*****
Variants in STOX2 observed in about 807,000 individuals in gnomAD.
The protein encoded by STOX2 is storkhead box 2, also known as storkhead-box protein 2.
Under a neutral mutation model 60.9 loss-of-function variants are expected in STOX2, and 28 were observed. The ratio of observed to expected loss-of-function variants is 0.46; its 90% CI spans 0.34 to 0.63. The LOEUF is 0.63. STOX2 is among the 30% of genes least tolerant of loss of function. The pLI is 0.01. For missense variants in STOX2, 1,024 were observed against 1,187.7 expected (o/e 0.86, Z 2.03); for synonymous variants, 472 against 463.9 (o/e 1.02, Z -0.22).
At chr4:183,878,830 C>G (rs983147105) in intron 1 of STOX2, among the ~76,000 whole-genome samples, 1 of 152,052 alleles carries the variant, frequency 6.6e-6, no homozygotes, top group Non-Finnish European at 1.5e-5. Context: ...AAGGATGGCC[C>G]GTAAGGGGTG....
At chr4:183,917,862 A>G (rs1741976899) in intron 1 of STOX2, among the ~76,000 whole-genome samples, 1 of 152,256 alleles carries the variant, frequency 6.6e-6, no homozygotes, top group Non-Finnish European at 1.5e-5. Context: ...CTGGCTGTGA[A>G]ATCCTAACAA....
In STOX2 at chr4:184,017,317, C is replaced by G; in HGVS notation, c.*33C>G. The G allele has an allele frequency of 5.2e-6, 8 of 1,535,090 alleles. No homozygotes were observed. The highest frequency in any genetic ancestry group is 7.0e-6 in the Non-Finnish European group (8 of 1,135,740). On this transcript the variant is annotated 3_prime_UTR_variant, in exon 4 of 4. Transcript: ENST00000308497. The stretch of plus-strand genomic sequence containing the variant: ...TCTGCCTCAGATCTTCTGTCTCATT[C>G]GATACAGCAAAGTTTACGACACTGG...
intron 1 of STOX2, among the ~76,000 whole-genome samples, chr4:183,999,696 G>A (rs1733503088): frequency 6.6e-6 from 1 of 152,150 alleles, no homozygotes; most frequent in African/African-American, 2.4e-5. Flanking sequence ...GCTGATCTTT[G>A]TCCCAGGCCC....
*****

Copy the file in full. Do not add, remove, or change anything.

Variants in STOX2 observed in about 807,000 individuals in gnomAD.
The protein encoded by STOX2 is storkhead box 2, also known as storkhead-box protein 2.
Under a neutral mutation model 60.9 loss-of-function variants are expected in STOX2, and 28 were observed. The ratio of observed to expected loss-of-function variants is 0.46; its 90% CI spans 0.34 to 0.63. The LOEUF is 0.63. STOX2 is among the 30% of genes least tolerant of loss of function. The pLI is 0.01. For missense variants in STOX2, 1,024 were observed against 1,187.7 expected (o/e 0.86, Z 2.03); for synonymous variants, 472 against 463.9 (o/e 1.02, Z -0.22).
At chr4:183,878,830 C>G (rs983147105) in intron 1 of STOX2, among the ~76,000 whole-genome samples, 1 of 152,052 alleles carries the variant, frequency 6.6e-6, no homozygotes, top group Non-Finnish European at 1.5e-5. Context: ...AAGGATGGCC[C>G]GTAAGGGGTG....
At chr4:183,917,862 A>G (rs1741976899) in intron 1 of STOX2, among the ~76,000 whole-genome samples, 1 of 152,256 alleles carries the variant, frequency 6.6e-6, no homozygotes, top group Non-Finnish European at 1.5e-5. Context: ...CTGGCTGTGA[A>G]ATCCTAACAA....
In STOX2 at chr4:184,017,317, C is replaced by G; in HGVS notation, c.*33C>G. The G allele has an allele frequency of 5.2e-6, 8 of 1,535,090 alleles. No homozygotes were observed. The highest frequency in any genetic ancestry group is 7.0e-6 in the Non-Finnish European group (8 of 1,135,740). On this transcript the variant is annotated 3_prime_UTR_variant, in exon 4 of 4. Transcript: ENST00000308497. The stretch of plus-strand genomic sequence containing the variant: ...TCTGCCTCAGATCTTCTGTCTCATT[C>G]GATACAGCAAAGTTTACGACACTGG...
intron 1 of STOX2, among the ~76,000 whole-genome samples, chr4:183,999,696 G>A (rs1733503088): frequency 6.6e-6 from 1 of 152,150 alleles, no homozygotes; most frequent in African/African-American, 2.4e-5. Flanking sequence ...GCTGATCTTT[G>A]TCCCAGGCCC....